I have spent a great deal of time with women friends and a fair amount of time at women gatherings and it is surprising, and also sadly not surprising, to hear women of all ages and sizes express “I am not enough.” I have at times found myself surprised and mystified that a woman I know, who I find to be attractive, intelligent, creative, interesting and successful can still feel that she is not enough.
This has led me to ponder more deeply why so many of us feel this way. What creates this pervasive feeling that we are lacking? Why do we feel we aren’t enough? Is it something we have learned and absorbed from the outside world? Do the images of physical perfection that fill magazines and movie screens chip away at our own sense of self worth? What can we do differently and how can we think differently, so that we really see ourselves and value ourselves?
Suggested Reading ~ You Can Heal Your Life by Louise L. Hay
The Real Problem
“So here is a client who has just looked in the harmless little mirror, and he or she is all upset. I smile with delight and say, ‘Good, now we are looking at the real problem; now we can begin to clear out what is really standing in your way.’ I talk more about loving the self, about how, for me, loving the self begins with never, ever criticizing ourselves for anything.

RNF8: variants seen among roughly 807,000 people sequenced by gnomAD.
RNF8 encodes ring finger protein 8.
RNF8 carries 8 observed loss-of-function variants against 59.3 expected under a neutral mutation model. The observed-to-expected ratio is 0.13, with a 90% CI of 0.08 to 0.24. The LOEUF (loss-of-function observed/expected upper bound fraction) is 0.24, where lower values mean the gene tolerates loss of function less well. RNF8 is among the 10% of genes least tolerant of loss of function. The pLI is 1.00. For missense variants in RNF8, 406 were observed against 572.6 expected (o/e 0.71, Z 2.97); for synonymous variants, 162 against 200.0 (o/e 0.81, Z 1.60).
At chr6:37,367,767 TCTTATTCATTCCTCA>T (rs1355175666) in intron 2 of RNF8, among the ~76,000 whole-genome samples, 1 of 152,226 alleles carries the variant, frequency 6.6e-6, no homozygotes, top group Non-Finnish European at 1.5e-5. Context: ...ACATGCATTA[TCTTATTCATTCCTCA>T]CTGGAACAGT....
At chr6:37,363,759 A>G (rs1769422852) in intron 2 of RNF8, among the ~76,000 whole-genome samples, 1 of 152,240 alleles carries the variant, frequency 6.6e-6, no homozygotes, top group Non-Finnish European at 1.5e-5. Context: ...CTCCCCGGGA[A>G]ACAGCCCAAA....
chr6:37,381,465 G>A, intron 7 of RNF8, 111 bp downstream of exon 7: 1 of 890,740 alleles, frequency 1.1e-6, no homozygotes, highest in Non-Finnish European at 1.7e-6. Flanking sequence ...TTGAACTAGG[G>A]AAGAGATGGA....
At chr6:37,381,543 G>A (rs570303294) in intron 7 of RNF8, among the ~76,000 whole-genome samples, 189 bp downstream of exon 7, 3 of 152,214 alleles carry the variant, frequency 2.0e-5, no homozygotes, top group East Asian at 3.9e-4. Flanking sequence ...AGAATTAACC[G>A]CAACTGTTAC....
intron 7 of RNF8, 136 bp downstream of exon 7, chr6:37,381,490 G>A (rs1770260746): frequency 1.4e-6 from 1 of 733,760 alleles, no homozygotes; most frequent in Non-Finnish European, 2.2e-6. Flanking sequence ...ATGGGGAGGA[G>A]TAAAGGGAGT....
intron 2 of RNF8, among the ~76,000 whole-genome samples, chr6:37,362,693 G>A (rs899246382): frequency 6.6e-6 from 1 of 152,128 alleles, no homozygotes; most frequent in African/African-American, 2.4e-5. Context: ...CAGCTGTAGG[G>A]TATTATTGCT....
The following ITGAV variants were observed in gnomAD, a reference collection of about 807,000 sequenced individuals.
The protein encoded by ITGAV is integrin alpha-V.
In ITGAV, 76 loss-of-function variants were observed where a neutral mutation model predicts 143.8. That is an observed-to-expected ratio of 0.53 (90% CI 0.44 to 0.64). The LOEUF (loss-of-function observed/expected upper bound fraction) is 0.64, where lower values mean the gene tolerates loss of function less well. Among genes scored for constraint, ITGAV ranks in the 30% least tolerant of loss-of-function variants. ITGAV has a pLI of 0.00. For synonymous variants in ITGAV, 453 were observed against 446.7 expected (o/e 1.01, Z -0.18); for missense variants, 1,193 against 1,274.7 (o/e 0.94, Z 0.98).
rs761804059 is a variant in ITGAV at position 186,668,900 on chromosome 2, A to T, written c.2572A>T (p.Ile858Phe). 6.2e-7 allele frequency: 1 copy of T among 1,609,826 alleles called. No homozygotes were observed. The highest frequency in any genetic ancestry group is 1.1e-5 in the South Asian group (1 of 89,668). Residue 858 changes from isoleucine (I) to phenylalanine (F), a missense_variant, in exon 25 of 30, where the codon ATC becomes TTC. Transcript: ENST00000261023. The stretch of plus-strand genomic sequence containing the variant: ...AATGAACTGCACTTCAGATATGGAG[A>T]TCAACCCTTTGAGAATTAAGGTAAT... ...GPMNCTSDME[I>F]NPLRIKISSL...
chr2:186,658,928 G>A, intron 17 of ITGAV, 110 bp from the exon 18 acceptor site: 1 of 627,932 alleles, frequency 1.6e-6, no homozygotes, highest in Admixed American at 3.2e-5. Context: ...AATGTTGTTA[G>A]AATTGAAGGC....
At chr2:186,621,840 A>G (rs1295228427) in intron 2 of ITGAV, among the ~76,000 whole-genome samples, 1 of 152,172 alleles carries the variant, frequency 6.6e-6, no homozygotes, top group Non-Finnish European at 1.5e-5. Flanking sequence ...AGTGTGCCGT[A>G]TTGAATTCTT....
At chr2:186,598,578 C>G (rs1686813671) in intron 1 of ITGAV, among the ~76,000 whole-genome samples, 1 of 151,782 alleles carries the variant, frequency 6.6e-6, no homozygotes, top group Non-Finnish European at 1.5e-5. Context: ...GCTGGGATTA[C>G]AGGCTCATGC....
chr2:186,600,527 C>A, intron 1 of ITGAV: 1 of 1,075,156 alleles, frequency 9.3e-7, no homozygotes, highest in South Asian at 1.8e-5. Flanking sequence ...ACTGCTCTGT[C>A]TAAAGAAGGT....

I watch their faces as I ask them if they criticize themselves. Their reactions tell me so much:
- Well, of course I do.
- All the time.
- Not as much as I used to.
- Well, how am I going to change if I don’t criticize myself?
- Doesn’t everyone?
To the latter, I answer, ‘We are not talking about everyone we are talking about you. Why do you criticize yourself? What is wrong with you?’
As they talk, I make a list. What they say often coincided with their ‘should list.’ They feel they are too tall, too short, too fat, too thin, too dumb, too old, too young, too ugly. (The most beautiful or handsome will often say this.) Or they’re too late, too early, too lazy, and on and on. Notice how it is almost always ‘too’ something. Finally, we get down to the bottom line, and they say, ‘I am not good enough.’
Hurrah, hurrah! We have finally found the central issue. They criticize themselves because they have learned to believe they ‘are not good enough.’ Clients are always amazed at how fast we have gotten to this point. Now we do not have to bother with any of the side effects such as body problems, relationship problems, money problems, or lack of creative expressions. We can put all our energy into dissolving the cause of the whole thing: ‘NOT LOVING THE SELF.'”